Election reform, the Voting Rights Act, the Help America Vote Act, and related topics -- with special attention to the voting rights of people of color, non-English proficient citizens, and people with disabilities
Dan Tokaji's Blog
- Election Law Blog (Rick Hasen)
- Election Updates (Michael Alvarez & Thad Hall)
- Votelaw Blog (Ed Still)
- Leave it to the Lower Courts: On Judicial Intervention in Election Administration, 68 Ohio State Law Journal 1065 (2007)
- The New Vote Denial: Where Election Reform Meets the Voting Rights Act, 57 South Carolina Law Review 689 (2006)
- Early Returns on Election Reform: Discretion, Disenfranchisement, and the Help America Vote Act, 73 George Washington Law Review 1206 (2005)
Saturday, October 28
Stay Application in Ohio ID Case
The Ohio Attorney General's office has filed this emergency motion for a stay in NEOCH v. Blackwell, the case in which Judge Marbley on Thursday issued a TRO against the identification requirements for absentee voters. Plaintiffs have been ordered to file a responsive brief by 5:00 pm today. Here are my initial reactions to the State's brief:
- The Attorney General has filed this brief against the wishes of his nominal client, Secretary of State Ken Blackwell, claiming "separate litigation authority" to defend the State of Ohio and its officers (p. 1, fn. 1). While I don't doubt that this is true, the party on whose behalf this brief is filed is not, precisely speaking, the State of Ohio or its General Assembly but rather the Secretary of State -- or even more precisely, the office of the Secretary of State, since this is an official capacity suit. This is effectively acknowledged in the State of Ohio's motion to intervene, also filed by the Attorney General's office and denied yesterday, which asserted that the interests of the State of Ohio (including the General Assembly which passed HB 3) differ from those of the Secretary of State. If that's true, then it seems odd for the Attorney General to be filing a stay application on behalf of the Secretary of State's office, which has a contrary position. It also seems to me (and on this point I emphasize "seems") that the Attorney General's office has a conflict between representing the interests of the Secretary of State on the one hand and the General Assembly on the other. Although the stay application asserts the Attorney General's authority to appeal the TRO "in the Secretary of State's name" (p. 9), apparently even against his wishes, the Attorney General cites no authority for this proposition.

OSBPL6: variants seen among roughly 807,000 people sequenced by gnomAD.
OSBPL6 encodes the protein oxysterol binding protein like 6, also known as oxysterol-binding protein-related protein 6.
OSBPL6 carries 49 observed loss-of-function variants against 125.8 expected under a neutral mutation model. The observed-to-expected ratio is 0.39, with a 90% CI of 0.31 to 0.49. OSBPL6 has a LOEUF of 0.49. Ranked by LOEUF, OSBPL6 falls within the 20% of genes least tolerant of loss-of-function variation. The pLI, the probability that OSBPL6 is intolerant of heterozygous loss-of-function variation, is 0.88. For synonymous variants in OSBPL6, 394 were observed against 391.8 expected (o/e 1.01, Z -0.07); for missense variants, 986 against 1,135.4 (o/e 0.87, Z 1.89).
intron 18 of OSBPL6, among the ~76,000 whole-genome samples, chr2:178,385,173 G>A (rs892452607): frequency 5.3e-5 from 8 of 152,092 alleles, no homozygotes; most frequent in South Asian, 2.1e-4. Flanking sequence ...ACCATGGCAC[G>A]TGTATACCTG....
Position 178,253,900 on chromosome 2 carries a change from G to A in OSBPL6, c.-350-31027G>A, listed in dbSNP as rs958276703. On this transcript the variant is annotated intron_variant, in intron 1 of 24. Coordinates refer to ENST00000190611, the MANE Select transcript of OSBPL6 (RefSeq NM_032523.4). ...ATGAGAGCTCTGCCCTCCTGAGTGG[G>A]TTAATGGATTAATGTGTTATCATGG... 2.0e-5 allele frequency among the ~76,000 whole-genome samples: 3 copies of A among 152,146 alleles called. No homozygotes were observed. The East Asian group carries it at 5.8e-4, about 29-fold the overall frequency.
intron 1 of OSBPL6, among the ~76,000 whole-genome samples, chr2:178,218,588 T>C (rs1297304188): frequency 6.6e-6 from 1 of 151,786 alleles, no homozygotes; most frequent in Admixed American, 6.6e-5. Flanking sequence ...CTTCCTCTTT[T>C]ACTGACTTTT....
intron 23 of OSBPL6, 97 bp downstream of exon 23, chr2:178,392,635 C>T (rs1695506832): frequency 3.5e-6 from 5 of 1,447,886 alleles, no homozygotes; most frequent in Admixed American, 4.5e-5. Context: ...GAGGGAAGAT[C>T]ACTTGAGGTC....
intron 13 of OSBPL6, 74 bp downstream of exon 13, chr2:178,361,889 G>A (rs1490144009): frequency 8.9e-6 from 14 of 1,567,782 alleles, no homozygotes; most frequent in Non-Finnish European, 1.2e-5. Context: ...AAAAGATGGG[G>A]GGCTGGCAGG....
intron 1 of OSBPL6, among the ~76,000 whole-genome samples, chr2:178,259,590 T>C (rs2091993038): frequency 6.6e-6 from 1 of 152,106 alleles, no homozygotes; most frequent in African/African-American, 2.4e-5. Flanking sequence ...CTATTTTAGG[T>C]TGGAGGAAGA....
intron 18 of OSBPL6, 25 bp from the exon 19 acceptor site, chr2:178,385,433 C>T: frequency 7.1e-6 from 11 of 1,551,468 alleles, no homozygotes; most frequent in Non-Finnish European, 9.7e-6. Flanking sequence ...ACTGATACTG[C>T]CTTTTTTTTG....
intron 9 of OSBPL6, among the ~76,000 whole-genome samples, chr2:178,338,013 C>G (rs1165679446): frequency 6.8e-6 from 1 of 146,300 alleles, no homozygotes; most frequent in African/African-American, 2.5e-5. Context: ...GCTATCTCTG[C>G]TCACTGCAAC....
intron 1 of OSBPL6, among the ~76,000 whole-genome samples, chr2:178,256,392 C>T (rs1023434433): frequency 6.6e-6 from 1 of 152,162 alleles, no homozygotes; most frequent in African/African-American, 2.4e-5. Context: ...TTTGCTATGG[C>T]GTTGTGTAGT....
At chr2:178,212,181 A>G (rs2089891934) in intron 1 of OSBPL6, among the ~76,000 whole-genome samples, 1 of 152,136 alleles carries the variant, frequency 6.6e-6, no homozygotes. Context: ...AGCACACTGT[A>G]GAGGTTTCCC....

- The Attorney General's brief relies heavily on the Supreme Court's ruling in Purcell v. Gonzalez and, specifically, on its statement that pre-election court orders "can result in voter confusion and consequent incentive to stay away from the polls" (quoted on p. 14). The key word here, however, is "can." The Court was undoubtedly right to say that pre-election court orders can result in confusion; but it did not say that such orders always create more confusion than they dispel. In this case, plaintiffs' main argument is that the new ID rules in Ohio have themselves generated considerable confusion, which the actions of the Secretary of State have failed to alleviate, resulting in different standards being applied from county to county.
- The Attorney General's brief disregard's Purcell's emphasis on deference to the discretion of the district court in weighing such competing harms. Even though the district court in Purcell didn't make factual findings until a month after its ruling, the Supreme Court still concluded: "It was still necessary, as a procedural matter, for the Court of Appeals to give deference to the discretion of the District Court." What the Attorney General doesn't explain is why such deference isn't also owed here, both on the equities and on the merits, especially given the fact-specific nature of plaintiffs' claims.